High-rise development may proceed despite Pittsburgh council's vote
Most of a proposed high-rise residential development split by Pittsburgh's border with Green Tree could still be built despite City Council's tentative refusal Wednesday to rezone 10 of the site's 26 acres.
Lynn DeLorenzo, a partner with Florida-based SouthStar Development Partners, said plans to build at least 240 residential units on 16 acres outside the city in Green Tree are "already in place and ready to go."
Before City Council takes a final vote May 21, she hopes to reach a last-minute compromise with neighbors in the city's Ridgemont community who ardently opposed the 418-unit development dubbed City Vista at Parkway.
"We were looking to really create an overall plan (for) Green Tree and city of Pittsburgh ... in the hopes that we would be able to revitalize and re-energize the entire Parkway City area," DeLorenzo said, adding that she is disappointed with council's decision.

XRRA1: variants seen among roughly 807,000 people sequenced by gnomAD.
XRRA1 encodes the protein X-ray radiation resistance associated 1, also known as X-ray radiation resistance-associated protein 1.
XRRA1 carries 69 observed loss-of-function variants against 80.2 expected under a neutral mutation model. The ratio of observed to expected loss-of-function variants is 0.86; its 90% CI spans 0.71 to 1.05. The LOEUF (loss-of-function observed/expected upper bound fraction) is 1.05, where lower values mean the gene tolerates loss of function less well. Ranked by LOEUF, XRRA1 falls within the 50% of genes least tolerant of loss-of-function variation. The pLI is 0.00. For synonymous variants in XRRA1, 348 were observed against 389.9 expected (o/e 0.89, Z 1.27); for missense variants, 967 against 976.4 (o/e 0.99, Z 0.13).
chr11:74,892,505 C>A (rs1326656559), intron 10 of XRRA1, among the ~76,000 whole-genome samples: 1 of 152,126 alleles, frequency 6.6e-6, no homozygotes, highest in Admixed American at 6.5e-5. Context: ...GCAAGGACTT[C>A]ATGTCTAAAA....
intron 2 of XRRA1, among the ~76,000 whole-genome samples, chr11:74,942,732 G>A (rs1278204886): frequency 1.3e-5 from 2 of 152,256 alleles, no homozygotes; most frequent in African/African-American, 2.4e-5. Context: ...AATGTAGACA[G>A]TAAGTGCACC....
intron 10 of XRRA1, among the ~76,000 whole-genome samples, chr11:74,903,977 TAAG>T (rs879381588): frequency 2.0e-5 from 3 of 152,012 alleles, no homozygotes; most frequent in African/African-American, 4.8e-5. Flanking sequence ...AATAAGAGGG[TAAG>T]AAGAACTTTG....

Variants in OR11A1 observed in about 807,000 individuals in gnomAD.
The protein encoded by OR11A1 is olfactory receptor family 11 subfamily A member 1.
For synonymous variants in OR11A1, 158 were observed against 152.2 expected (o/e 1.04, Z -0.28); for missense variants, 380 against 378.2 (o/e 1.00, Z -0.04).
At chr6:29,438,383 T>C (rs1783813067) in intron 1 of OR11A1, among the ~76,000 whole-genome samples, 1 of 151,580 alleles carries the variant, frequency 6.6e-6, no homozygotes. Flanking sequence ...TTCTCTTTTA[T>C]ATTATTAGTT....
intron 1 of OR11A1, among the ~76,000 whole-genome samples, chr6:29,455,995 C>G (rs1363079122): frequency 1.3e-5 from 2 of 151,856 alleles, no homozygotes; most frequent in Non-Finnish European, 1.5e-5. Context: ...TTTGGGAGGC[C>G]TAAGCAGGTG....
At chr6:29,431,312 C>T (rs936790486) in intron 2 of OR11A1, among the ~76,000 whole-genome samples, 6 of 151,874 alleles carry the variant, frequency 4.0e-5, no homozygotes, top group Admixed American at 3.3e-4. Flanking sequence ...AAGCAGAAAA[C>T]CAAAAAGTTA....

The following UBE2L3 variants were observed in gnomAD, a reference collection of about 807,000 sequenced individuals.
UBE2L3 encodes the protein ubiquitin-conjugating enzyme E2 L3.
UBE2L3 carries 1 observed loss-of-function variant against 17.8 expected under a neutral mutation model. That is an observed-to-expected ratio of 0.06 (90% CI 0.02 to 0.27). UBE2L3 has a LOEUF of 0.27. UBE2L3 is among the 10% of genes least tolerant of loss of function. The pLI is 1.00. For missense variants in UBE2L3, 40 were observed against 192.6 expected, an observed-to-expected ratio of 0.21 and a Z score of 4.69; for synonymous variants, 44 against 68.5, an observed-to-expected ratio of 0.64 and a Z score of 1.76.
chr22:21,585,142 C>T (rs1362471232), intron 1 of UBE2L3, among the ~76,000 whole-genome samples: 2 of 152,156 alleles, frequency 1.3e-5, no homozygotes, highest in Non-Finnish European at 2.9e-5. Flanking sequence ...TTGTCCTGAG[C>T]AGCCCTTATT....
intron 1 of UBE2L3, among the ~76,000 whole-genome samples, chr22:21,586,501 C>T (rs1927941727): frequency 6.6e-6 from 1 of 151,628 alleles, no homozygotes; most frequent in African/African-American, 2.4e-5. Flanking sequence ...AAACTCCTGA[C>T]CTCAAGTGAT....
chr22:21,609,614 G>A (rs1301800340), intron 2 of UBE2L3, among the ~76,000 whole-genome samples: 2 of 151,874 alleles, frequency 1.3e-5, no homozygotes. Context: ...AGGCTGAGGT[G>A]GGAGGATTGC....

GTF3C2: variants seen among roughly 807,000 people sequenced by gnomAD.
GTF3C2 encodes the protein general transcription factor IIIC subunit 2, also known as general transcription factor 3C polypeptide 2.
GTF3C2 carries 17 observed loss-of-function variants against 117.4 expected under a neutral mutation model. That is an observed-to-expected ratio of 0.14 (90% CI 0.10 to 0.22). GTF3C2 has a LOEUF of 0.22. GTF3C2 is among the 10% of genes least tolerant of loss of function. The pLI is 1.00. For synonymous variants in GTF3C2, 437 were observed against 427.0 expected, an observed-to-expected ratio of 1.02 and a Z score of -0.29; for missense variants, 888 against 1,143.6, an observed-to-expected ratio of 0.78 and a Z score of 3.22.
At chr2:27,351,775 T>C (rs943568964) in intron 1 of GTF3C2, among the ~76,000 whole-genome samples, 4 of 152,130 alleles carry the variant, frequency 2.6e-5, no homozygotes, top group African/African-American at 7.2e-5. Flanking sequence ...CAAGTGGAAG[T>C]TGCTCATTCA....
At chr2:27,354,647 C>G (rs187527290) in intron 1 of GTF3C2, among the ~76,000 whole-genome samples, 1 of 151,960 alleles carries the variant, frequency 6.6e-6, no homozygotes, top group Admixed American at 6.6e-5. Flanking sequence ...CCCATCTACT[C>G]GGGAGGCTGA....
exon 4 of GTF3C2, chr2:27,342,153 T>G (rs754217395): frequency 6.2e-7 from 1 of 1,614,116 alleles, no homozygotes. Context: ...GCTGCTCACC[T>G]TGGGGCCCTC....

Residents of Hamburg, Springfield, Hestor and other Ridgemont streets lobbied against the development because of concerns it would add hundreds of cars each day to already congested Greentree Road and endanger children who play in quiet city streets.
City Council voted 6-1, with one abstention and one member absent, against rezoning the land. The rezoning is required because only single-family homes, not high-rises, are permitted on the land.
Councilman Ricky Burgess, the lone "aye" vote, said city residents won't be able to influence plans for the development if a portion isn't permitted in city limits.
Councilman Bill Peduto said the community's wishes take precedence over new buildings.
"Sometimes the best development is the one that never happens," he said.